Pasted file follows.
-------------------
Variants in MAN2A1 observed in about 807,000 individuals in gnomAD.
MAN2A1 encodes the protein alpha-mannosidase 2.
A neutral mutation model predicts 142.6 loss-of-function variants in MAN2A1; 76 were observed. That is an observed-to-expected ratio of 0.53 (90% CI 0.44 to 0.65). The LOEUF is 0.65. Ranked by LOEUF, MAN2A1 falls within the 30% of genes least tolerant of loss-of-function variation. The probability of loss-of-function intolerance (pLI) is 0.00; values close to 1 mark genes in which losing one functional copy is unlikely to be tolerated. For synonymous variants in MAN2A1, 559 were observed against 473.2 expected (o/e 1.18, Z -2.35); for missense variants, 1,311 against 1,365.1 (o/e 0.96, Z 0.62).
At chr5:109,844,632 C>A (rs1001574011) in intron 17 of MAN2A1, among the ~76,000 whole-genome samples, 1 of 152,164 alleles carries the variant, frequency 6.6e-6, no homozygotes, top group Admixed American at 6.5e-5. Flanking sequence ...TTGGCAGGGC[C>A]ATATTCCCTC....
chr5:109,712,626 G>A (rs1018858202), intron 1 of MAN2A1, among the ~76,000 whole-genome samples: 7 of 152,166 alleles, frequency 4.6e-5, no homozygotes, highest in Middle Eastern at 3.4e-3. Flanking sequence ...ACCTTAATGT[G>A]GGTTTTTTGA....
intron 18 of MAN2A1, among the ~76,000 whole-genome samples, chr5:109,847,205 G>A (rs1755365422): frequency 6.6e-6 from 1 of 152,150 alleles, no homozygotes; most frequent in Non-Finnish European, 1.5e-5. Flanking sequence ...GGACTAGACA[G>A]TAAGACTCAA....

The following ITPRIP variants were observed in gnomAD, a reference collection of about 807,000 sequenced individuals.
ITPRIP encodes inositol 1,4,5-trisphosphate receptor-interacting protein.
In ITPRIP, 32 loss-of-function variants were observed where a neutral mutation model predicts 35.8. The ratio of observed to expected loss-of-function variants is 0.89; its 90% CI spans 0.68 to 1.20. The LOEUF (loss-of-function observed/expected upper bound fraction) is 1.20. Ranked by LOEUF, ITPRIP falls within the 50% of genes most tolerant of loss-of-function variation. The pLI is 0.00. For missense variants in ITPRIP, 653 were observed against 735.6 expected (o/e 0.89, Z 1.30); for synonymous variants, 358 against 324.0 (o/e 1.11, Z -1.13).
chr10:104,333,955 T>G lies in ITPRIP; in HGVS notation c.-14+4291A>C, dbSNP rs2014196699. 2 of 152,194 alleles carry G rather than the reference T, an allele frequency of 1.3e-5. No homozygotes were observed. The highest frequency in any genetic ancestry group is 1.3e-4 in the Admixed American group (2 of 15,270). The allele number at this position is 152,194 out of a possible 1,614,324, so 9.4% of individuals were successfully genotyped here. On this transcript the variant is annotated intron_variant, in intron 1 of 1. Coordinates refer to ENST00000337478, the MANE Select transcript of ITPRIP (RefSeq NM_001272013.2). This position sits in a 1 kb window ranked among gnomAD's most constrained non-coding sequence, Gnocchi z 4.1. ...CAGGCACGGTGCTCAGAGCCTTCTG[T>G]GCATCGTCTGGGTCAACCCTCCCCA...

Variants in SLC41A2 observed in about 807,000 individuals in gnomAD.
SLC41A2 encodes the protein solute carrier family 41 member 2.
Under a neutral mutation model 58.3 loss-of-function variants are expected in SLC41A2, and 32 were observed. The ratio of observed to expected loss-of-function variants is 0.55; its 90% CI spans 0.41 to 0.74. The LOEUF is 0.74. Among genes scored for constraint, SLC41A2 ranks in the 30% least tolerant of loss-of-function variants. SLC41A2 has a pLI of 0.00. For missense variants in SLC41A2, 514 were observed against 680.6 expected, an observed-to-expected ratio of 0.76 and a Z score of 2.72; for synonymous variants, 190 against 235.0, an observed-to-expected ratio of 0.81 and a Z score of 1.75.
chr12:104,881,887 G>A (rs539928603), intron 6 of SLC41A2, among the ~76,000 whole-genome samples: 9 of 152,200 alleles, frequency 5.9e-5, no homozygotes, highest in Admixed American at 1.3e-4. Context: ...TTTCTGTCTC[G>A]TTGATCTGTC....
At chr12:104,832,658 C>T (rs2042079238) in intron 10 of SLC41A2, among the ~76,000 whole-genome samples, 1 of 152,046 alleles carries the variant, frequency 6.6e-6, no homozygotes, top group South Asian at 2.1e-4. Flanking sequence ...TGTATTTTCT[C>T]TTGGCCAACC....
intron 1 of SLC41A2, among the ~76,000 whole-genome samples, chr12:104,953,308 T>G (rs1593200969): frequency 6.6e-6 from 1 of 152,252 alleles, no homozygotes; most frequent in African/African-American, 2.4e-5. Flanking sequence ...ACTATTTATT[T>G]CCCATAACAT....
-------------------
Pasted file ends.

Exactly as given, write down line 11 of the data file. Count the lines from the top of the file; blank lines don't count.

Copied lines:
Variants in SLC41A2 observed in about 807,000 individuals in gnomAD.